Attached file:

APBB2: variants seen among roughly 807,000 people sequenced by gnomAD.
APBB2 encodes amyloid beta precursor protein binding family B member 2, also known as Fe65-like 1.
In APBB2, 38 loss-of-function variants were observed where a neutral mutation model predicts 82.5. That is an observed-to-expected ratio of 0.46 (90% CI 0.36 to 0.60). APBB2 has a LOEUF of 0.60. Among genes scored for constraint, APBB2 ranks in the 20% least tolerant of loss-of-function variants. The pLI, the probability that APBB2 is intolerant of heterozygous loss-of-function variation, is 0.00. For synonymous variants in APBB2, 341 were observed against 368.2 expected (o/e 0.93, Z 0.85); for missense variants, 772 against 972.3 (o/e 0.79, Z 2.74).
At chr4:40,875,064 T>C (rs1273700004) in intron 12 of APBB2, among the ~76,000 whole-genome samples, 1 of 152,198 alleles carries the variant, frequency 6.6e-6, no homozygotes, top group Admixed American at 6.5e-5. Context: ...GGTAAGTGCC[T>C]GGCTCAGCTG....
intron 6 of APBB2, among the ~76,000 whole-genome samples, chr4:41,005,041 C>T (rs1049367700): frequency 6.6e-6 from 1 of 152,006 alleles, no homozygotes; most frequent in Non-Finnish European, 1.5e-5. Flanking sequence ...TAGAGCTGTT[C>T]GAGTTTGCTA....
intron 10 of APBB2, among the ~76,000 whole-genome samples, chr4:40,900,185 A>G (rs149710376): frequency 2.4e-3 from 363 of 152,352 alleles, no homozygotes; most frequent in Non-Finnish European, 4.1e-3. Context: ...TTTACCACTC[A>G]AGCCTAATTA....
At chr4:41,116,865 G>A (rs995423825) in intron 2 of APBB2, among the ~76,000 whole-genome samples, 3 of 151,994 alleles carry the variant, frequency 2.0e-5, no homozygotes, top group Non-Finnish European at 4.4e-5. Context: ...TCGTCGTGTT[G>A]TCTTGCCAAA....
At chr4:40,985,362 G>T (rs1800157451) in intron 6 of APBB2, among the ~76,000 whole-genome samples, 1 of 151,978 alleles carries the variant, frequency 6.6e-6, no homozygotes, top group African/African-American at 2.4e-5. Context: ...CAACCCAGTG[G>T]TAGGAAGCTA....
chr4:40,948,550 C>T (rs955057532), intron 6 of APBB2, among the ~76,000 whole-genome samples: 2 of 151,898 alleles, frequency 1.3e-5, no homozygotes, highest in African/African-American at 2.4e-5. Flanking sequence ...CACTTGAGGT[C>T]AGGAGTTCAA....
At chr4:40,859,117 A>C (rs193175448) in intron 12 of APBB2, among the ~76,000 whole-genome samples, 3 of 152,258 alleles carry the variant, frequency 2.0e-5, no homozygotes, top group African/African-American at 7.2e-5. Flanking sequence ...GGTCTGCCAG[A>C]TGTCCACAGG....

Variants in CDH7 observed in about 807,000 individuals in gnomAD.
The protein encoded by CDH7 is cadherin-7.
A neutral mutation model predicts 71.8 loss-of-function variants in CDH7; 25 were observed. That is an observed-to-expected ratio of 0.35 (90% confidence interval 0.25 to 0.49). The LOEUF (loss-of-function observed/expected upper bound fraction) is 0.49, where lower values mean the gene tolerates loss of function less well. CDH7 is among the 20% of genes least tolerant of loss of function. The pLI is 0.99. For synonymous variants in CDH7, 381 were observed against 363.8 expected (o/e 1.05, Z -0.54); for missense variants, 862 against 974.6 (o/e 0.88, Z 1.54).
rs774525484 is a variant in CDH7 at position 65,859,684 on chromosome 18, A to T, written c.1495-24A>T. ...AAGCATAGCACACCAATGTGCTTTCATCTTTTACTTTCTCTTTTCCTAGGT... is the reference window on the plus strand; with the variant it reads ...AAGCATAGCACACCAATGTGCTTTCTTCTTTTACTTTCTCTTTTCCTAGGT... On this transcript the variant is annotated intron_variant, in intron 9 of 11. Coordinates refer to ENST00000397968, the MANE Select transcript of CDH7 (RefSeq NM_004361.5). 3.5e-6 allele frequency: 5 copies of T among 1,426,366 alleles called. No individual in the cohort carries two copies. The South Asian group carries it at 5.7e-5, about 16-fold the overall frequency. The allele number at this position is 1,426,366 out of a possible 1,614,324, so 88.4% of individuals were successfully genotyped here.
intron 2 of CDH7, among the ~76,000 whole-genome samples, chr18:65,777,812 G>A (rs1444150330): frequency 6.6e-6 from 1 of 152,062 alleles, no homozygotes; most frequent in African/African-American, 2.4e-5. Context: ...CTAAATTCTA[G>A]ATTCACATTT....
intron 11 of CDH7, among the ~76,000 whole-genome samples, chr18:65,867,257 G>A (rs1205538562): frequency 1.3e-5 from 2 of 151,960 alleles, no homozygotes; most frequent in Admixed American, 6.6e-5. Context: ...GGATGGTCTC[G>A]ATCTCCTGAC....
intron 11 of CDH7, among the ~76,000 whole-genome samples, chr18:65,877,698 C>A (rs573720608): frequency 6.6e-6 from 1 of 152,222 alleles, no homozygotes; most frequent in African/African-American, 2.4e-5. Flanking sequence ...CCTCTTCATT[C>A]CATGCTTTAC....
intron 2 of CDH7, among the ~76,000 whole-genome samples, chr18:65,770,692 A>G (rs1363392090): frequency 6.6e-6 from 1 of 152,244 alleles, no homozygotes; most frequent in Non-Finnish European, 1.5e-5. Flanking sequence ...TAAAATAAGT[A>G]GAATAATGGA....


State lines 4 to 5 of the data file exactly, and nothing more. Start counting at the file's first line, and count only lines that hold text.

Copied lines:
At chr4:40,875,064 T>C (rs1273700004) in intron 12 of APBB2, among the ~76,000 whole-genome samples, 1 of 152,198 alleles carries the variant, frequency 6.6e-6, no homozygotes, top group Admixed American at 6.5e-5. Context: ...GGTAAGTGCC[T>C]GGCTCAGCTG....
intron 6 of APBB2, among the ~76,000 whole-genome samples, chr4:41,005,041 C>T (rs1049367700): frequency 6.6e-6 from 1 of 152,006 alleles, no homozygotes; most frequent in Non-Finnish European, 1.5e-5. Flanking sequence ...TAGAGCTGTT[C>T]GAGTTTGCTA....